Background: During day to day mining activities, miners are exposed to different airborne pollutants, which may result in occupational lung diseases (OLDs). In South Africa mining is a primary industrial activity that contributes significantly to the gross domestic product (GDP). Mine related lung diseases depend on the type of commodity that is mined, aerodynamic size of airborne pollutants, exposure time, environmental conditions and the employee’s lifestyle.
Aim and Objectives: To determine the prevalence of obstructive airway disease amongst load haul drivers (LHD) occupationally exposed to mineral dusts and diesel particulate matter (DPM) in trackless mines. The study was also aimed at determining the relationship of selected epidemiological determinants on the status of obstructive airway disease in LHD and to determine whether a difference existed between employees that worked only day or night shift.
Methodology: The study area was a platinum mine in Mpumalanga. The study population comprised of underground LHD drivers who were frequently exposed to mineral dust and DPM during loading and off-loading of raw minerals. The study population was divided into two groups: day shift and night shift, a questionnaire was used to obtain information on demographics; self-reported social and health history, including respiratory symptoms. Spirometry was performed to determine the Forced Vital Lung Capacity (FVC) and Forced Expiratory Volume 1 sec (FEV1). Employees who presented an FEV1/FVC of <70% underwent a second spirometry after using a bronchodilator (Combivent, 0.5mg ipratropium bromide anhydrous, 2.5mg salbutamol base, & 0.52mg ipratroniumbromide).This was done to rule out reversible obstructive lung cases.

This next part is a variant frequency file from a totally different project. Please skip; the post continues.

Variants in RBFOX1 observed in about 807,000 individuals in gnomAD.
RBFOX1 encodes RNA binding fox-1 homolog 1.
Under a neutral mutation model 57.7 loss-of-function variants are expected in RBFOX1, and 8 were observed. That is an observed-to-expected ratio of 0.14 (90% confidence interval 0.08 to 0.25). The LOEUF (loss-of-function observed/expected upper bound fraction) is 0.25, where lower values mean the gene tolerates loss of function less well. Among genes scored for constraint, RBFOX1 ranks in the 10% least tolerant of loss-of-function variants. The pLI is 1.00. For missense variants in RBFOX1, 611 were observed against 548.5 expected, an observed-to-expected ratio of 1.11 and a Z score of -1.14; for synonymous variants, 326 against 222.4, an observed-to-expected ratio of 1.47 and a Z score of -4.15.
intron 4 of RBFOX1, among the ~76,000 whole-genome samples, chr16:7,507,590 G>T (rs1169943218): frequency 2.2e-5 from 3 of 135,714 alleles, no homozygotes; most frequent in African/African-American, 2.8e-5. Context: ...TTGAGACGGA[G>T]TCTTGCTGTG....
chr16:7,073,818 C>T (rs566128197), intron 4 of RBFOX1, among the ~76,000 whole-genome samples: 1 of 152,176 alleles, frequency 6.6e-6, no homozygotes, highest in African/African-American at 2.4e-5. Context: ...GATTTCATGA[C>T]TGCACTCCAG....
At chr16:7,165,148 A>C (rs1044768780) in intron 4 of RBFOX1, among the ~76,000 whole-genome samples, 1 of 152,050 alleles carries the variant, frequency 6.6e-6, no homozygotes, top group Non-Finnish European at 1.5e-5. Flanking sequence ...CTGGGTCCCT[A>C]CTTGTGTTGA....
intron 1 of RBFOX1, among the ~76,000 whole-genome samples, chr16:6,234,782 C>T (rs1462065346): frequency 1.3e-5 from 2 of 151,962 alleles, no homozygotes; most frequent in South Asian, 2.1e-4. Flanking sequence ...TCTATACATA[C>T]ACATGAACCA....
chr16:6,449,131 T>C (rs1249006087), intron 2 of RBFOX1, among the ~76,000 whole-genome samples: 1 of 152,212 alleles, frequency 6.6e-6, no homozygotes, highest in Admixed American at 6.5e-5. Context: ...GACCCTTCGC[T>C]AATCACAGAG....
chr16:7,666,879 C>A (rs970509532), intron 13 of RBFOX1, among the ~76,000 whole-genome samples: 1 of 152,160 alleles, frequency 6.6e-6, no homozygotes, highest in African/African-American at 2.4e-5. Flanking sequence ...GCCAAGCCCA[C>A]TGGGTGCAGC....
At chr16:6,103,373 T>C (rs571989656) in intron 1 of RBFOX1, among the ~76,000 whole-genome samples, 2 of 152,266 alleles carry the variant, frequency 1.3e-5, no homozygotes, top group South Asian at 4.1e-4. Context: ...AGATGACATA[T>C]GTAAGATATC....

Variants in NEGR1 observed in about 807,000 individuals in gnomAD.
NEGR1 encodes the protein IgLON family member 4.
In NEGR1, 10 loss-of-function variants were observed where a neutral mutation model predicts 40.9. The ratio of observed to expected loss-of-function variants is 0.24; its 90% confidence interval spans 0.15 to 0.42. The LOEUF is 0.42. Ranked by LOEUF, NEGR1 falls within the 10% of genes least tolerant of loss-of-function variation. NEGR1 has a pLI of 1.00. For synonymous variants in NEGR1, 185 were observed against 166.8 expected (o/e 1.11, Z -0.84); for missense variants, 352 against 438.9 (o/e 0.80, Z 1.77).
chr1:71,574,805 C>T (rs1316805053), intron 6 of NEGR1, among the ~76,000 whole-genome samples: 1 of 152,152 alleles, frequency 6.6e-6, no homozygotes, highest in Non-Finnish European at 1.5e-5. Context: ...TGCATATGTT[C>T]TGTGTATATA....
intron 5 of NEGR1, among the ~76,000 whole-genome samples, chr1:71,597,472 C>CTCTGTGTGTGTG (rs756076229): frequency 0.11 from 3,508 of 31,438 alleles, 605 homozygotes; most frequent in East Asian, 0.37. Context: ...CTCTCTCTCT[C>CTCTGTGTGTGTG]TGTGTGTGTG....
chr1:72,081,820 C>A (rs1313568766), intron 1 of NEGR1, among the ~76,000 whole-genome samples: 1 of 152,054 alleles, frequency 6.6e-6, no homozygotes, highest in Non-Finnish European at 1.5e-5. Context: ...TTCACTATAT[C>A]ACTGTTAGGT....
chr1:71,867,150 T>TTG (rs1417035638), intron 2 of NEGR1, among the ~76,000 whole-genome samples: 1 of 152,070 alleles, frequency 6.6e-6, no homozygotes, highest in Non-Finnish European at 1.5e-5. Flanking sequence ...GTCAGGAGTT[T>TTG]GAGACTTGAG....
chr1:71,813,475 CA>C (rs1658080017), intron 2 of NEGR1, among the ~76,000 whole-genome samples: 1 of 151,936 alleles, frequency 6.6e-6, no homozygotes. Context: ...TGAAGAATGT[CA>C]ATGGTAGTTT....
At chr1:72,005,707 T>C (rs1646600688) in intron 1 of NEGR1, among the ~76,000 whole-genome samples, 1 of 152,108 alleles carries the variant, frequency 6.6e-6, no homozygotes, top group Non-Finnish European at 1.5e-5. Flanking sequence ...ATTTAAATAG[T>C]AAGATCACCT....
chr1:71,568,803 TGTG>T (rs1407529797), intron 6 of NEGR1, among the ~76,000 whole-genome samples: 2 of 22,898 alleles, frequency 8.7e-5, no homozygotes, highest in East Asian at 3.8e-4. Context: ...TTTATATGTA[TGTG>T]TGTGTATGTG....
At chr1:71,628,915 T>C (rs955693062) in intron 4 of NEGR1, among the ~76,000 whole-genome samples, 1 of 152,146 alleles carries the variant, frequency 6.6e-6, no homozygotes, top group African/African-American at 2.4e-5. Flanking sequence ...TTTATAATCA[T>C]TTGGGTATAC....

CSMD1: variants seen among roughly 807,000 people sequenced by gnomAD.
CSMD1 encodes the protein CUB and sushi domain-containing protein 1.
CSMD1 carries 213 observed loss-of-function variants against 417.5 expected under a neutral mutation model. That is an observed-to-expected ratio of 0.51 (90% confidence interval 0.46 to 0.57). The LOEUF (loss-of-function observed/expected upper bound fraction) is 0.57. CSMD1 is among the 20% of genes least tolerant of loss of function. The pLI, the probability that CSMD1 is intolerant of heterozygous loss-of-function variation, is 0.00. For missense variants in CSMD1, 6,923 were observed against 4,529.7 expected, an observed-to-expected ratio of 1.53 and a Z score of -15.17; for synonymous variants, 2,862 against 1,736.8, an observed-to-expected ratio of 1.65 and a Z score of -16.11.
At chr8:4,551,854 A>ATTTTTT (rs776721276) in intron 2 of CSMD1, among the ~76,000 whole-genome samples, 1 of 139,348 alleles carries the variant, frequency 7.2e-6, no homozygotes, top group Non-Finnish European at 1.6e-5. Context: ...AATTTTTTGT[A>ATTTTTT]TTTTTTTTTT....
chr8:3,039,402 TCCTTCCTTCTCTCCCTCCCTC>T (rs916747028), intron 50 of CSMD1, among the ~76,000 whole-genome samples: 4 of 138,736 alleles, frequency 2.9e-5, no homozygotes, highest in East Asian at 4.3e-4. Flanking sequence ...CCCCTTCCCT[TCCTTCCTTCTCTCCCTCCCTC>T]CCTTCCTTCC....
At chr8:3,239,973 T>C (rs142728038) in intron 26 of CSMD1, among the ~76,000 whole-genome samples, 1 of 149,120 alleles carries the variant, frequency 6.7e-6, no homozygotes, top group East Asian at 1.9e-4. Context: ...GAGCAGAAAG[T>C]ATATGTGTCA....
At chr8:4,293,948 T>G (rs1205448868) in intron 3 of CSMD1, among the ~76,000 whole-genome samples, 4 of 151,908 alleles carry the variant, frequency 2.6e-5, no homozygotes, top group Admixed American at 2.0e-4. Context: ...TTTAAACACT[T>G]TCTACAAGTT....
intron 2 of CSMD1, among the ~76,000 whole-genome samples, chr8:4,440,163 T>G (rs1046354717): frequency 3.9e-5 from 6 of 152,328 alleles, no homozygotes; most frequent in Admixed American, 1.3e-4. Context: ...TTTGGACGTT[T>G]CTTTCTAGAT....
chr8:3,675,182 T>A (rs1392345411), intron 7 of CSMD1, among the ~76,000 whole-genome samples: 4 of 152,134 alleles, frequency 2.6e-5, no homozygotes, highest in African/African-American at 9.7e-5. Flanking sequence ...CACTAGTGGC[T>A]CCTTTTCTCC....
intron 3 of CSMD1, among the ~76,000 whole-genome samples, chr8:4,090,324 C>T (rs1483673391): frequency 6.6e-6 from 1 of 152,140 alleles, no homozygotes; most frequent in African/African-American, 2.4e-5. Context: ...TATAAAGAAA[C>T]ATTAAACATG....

Results: Employees on night shift had a significantly higher prevalence of obstructive airway disease patterns (32.6%) compared to the day shift prevalence (12.5%). There was a significantly higher (p = 0.009) prevalence of acute coughing in night shift LHD (41.3%) compared to day shift LHD drivers (15.0%)). Over 3 months, night shift workers (73.68%) also presented with significantly more (p = 0.036) symptoms of chronic coughing than day shift workers (0.00%) night shift workers (47.83%) presented sputum production while day shift workers presented only 14.29%. Furthermore, night shift LHD showed a significance change (p = 0.729) in measured lung function of FEV1/FVC, in comparison with day shift LHD. Multivariate regression analysis also showed that night shift LHD had a 3 times higher odds of developing obstructive airway disease than day shift workers (OR 3.30, 95% Cl 1.08, 10.04, p = 0.036).
Conclusion: The night shift LHD drivers presented a marked reduction in lung function as well as acute and chronic respiratory symptoms. It is therefore concluded that night shift LHD are at higher risk of developing obstructive airway disease when exposed to diesel particulate matter as compared to day shift workers.